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Salem Community Patriot August 6, 2010 - 7

Salem Softball League Hosts Third Annual Jimmy Fund Game

Jeanne Lombardi throws out the ceremonial first pitch of the Jimmy Fund Softball Game. Tis year’s game was dedicated to the memory of her husband and former Salem softball umpire, Joe Lombardi

by Chris White The Salem Softball League hosted its third annual Jimmy Fund Softball Game last Thursday evening, July 29. The game featured about 30 participants, which included both past and present Salem softball players, along with their parents. The daughters’ team included Danielle Walker, Ashley Chopelas, Amber Chopelas, Ashley Stoodley, Casey Stoodley, Danielle Stoodley, Nicole Gubellini, Kris Harty, Joanna LoConte, Jenn Vadala, Brenagh Walker, and Melanie Sachs. Meanwhile, the parents’ team included Nick Vadala, Pam Walker, Ann Gubellini, Ed Ceaser, Freida Ceaser, Ken Harty, Carmine LoConte, Phil Relf, Karen Cleary, Mike Sachs, Terry Armstrong, Mike Spampinato, and Steve Chopelas. Bill Narkunas umpired the contest. This year’s event was dedicated to the memory of Joe Lorenzo and Joe Lombardi, who each

passed away from cancer recently. Both men were actively involved in the Salem softball community. Lorenzo served as a coach, director, and president of the Salem Softball League, while Lombardi was a Salem softball umpire. The Salem Softball League made a $250 donation to the Jimmy Fund in memory of both men. Before the game, Lombardi’s wife, Jeanne Lombardi, threw out the ceremonial first pitch as an honorary captain for the daughters’ team. Salem softball president Carmine LoConte then presented Jeanne with the league’s donation made in her husband’s memory. After the game, Jeanne ended the night by saying, “I now can understand why Joe loved coming down.” The entire event was organized by former Salem softball president Bob McQuinn. McQuinn started hosting the game in 2007 in order to raise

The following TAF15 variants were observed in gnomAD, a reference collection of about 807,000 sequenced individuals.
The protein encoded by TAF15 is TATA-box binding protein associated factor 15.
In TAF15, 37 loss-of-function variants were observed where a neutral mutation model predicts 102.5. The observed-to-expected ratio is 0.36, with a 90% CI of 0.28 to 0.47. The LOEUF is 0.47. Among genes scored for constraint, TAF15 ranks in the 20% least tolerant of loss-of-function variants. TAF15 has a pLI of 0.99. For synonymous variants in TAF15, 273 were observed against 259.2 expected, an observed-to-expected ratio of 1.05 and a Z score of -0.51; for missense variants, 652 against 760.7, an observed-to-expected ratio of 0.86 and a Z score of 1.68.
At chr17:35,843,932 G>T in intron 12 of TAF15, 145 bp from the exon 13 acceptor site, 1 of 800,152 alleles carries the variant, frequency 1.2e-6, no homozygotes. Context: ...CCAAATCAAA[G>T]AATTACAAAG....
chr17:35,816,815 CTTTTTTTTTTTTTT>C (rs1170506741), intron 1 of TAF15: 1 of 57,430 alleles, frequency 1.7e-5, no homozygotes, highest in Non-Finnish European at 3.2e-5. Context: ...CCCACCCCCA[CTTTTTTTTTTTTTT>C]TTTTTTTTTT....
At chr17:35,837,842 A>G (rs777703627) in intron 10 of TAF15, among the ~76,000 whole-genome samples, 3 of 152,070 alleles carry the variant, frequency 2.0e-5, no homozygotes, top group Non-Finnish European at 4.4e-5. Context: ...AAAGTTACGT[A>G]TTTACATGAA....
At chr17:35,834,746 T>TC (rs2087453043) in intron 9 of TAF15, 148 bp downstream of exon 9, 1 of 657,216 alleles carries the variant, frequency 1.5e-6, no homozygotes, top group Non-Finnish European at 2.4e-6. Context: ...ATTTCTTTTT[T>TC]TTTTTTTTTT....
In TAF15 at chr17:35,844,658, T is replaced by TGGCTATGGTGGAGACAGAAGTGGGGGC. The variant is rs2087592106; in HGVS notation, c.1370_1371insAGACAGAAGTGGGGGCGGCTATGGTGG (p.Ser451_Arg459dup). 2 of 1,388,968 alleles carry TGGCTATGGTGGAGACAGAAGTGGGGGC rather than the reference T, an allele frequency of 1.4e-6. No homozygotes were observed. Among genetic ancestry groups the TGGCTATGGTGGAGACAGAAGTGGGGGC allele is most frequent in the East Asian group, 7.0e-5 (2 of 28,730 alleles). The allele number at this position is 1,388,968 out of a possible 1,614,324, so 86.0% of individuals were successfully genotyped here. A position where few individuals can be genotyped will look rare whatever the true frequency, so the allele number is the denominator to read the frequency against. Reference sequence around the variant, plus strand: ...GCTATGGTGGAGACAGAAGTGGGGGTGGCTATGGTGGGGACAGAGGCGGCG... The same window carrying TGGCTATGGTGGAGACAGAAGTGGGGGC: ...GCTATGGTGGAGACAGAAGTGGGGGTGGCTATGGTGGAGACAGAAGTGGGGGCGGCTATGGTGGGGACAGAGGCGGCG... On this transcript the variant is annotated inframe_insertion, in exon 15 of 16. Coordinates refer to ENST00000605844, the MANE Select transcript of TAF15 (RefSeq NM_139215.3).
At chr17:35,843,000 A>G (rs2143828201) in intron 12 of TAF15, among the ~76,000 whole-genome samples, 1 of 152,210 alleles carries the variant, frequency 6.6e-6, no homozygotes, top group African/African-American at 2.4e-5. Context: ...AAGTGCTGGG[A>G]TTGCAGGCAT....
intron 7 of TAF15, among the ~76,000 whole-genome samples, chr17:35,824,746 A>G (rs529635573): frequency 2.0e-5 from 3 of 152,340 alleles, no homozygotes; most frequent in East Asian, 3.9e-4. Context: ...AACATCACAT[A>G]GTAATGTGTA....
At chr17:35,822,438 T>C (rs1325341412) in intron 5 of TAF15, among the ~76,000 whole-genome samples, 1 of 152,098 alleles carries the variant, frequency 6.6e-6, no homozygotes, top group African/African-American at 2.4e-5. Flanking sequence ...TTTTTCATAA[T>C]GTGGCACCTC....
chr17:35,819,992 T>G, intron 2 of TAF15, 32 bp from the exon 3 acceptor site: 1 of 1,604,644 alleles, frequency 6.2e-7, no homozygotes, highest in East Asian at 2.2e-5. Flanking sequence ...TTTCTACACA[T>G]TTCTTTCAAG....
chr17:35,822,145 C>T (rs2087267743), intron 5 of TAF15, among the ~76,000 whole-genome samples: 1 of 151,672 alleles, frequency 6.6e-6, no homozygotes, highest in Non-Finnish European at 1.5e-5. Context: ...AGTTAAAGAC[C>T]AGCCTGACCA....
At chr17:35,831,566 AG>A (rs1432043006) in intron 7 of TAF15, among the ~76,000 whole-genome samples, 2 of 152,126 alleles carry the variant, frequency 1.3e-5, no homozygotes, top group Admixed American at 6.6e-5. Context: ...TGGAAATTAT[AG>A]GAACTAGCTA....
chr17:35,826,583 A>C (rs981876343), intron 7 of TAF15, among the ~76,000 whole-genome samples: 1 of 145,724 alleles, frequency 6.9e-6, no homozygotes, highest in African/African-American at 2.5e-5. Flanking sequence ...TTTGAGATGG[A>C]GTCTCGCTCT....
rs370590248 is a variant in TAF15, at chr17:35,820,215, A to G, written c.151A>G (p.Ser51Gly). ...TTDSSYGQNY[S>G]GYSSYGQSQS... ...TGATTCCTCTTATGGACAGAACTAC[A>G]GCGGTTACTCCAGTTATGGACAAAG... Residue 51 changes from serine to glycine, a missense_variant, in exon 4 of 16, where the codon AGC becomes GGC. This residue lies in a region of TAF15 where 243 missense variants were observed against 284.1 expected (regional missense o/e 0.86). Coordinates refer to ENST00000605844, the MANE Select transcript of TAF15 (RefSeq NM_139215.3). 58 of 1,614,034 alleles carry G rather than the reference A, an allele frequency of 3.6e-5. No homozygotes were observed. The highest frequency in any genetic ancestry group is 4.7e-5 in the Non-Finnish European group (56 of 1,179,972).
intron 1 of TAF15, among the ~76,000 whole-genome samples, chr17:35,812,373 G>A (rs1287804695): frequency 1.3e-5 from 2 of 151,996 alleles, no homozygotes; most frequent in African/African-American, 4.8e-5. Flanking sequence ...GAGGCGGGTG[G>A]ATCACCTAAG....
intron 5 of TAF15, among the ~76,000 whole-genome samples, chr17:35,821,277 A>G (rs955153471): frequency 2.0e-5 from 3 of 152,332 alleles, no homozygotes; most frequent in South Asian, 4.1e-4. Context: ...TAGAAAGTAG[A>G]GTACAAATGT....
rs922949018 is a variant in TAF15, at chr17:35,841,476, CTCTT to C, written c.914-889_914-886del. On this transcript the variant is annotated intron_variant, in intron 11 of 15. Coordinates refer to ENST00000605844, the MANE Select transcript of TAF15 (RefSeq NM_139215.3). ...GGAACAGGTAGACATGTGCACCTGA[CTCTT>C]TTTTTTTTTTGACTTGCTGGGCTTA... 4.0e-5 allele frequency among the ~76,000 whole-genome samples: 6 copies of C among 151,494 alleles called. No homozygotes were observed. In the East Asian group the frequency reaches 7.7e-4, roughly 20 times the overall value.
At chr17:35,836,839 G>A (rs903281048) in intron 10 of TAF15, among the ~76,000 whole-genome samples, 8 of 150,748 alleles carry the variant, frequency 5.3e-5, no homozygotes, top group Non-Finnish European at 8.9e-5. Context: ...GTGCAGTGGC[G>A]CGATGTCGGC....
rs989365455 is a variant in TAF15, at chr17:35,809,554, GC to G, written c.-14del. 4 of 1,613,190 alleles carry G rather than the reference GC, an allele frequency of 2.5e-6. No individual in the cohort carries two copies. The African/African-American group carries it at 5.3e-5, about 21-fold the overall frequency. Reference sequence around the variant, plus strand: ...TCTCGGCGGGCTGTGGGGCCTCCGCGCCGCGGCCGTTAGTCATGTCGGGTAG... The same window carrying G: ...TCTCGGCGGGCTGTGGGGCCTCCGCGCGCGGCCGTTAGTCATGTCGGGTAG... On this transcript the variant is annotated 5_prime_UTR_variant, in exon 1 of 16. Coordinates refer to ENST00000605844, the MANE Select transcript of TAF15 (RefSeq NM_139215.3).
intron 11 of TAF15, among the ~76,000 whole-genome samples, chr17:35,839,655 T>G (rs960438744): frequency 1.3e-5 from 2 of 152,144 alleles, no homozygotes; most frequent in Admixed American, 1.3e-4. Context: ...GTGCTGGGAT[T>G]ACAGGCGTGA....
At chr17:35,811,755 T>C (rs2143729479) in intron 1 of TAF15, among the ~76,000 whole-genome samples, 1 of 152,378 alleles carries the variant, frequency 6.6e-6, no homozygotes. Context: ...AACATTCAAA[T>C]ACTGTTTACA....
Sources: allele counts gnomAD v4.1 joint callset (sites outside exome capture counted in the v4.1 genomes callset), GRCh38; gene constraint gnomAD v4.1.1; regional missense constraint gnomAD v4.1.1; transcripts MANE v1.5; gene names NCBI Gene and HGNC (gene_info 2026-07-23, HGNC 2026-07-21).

money for the Jimmy Fund by selling Jimmy Fund T-shirts at the event. The game was not played in 2008, but started up again in 2009. Only coaches and Salem Softball League officials played in the inaugural game, but the event has evolved into a parent vs. daughter activity. Now, those who wish to participate in the game simply make a donation to the Jimmy Fund. This year, there was also a Boston Red Sox ticket raffle won by Jim Massahos, who has been very generous to the Jimmy Fund and Salem softball over the years. “The game is just to remember the families and friends, who have come through the Salem Softball League and have lost their battle with cancer, or have beaten their battle with cancer,” McQuinn said. “It’s also just to get together and have a good time, and always know in the back of our minds that, while we’re here, we’re making some extra money for the Jimmy Fund.” The Jimmy Fund Game is only one piece of McQuinn’s efforts to raise money for the Jimmy Fund each year. Since 2001, he has participated in the Boston Marathon Jimmy Fund Walk every year, and he will do so again this September. He also did the walk in 1997. He’s raised over $26,000 in his previous 10 walks combined, and this year, he’s raised over $1,500. McQuinn said one of the reasons he does

the walk is to celebrate his family’s health. As a matter of fact, members of his family and extended family participate in the walk with him at different parts. “I do the walk because I have two healthy girls,” McQuinn said. “I walk to celebrate their health.” The other reason he walks in the event and